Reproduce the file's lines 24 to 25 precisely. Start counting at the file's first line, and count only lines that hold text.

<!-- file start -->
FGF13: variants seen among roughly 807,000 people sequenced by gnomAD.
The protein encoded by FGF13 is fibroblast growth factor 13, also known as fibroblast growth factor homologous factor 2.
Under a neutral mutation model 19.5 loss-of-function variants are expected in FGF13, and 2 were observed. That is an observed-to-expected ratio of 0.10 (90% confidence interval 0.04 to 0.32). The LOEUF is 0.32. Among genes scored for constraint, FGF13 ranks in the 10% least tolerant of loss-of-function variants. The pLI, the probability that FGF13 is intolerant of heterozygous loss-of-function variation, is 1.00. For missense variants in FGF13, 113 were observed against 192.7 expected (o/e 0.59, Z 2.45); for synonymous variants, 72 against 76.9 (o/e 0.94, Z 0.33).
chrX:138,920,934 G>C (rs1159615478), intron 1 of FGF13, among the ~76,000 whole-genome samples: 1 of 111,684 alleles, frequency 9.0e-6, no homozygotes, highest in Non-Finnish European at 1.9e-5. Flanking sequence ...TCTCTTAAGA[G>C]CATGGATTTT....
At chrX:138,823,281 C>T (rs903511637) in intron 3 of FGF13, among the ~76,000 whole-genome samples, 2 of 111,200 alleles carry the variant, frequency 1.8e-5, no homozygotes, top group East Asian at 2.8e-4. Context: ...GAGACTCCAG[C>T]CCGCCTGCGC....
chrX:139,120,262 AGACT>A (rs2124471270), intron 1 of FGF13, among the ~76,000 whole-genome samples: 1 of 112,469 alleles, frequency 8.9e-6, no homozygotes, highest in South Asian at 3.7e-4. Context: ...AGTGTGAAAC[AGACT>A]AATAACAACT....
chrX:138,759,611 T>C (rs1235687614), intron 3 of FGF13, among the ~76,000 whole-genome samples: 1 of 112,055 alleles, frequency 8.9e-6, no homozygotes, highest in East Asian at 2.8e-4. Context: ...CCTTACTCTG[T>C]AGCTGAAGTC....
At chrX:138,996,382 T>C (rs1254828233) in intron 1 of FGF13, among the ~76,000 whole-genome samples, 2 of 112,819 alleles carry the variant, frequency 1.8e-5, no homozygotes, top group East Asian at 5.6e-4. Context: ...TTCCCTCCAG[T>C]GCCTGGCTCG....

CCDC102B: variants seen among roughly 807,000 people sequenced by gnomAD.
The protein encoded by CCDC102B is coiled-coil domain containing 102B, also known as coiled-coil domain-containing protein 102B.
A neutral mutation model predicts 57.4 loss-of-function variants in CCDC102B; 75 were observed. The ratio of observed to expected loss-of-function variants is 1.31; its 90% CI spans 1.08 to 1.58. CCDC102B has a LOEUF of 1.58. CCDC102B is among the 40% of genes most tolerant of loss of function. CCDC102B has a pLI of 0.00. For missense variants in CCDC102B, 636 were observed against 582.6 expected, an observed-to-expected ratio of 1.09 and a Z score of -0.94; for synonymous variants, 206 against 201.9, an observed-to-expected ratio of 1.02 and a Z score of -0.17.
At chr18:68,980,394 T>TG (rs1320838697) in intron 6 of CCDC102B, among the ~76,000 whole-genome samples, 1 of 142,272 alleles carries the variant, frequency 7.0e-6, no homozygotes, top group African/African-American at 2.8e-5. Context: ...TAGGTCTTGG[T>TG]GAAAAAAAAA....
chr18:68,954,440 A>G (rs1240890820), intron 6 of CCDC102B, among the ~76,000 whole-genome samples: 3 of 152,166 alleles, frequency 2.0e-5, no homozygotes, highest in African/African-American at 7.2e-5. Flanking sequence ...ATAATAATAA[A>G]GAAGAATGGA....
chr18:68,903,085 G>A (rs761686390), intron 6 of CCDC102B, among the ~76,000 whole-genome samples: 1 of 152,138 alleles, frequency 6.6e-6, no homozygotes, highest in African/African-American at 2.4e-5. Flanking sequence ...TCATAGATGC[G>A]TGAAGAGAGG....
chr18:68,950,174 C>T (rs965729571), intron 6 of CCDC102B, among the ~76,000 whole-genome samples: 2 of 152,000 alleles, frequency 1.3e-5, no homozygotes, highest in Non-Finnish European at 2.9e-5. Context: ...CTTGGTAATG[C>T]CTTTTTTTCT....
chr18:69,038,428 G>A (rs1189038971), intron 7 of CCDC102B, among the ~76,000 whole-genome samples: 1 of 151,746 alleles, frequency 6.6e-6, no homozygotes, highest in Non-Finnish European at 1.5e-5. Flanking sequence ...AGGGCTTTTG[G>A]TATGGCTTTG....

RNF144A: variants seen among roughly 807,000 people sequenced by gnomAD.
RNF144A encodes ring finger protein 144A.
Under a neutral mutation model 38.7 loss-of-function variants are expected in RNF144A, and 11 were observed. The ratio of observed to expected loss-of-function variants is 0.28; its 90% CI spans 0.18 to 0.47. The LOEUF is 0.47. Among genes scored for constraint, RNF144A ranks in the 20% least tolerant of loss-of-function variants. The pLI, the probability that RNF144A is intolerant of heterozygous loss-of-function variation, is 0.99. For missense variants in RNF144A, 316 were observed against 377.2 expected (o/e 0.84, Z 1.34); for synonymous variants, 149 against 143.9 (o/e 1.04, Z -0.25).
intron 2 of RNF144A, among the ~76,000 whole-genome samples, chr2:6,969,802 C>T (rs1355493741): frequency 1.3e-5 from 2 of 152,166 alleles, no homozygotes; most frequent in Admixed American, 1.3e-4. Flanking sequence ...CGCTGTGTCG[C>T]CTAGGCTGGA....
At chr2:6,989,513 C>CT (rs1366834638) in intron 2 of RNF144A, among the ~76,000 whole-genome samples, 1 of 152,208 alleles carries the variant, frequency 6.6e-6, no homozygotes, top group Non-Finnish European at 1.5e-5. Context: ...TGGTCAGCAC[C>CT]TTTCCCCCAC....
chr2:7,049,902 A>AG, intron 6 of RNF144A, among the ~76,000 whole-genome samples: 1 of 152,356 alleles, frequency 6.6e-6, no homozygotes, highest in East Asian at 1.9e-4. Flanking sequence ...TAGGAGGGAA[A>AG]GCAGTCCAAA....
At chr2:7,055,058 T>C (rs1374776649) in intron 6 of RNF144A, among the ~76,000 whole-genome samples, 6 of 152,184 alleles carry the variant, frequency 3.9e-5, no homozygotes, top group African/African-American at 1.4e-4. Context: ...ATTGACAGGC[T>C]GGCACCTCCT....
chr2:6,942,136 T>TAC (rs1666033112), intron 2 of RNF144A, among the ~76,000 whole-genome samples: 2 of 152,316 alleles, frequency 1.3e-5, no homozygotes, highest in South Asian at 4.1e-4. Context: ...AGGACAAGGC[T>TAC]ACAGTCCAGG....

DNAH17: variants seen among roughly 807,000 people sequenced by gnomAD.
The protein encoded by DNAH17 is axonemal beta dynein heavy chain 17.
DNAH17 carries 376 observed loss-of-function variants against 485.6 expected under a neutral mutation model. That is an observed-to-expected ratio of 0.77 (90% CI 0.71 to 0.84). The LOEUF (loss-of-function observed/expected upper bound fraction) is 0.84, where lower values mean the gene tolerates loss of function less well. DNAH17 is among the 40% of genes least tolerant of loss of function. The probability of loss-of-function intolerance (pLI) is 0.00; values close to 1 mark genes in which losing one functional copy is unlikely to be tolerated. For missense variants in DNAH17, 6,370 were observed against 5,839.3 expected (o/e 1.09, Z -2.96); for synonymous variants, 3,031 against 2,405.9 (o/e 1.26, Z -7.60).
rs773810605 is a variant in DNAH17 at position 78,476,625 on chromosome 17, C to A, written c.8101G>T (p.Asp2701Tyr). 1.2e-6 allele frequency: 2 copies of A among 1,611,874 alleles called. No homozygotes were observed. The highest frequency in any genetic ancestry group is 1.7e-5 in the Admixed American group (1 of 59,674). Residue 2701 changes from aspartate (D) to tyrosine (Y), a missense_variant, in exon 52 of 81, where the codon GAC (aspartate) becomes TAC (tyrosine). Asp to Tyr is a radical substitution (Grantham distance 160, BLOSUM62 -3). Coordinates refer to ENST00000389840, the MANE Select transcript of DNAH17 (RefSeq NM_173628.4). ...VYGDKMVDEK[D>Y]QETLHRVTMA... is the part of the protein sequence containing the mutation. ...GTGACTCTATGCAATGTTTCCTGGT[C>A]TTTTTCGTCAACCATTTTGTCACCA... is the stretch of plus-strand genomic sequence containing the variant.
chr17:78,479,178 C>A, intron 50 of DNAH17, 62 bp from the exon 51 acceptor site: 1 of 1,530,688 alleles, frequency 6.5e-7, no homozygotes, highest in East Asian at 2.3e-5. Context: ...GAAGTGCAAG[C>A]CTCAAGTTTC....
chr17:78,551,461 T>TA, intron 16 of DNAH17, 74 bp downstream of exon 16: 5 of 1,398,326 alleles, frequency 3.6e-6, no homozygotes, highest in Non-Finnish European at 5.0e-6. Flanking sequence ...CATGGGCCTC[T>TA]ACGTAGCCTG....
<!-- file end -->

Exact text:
chr2:6,942,136 T>TAC (rs1666033112), intron 2 of RNF144A, among the ~76,000 whole-genome samples: 2 of 152,316 alleles, frequency 1.3e-5, no homozygotes, highest in South Asian at 4.1e-4. Context: ...AGGACAAGGC[T>TAC]ACAGTCCAGG....

DNAH17: variants seen among roughly 807,000 people sequenced by gnomAD.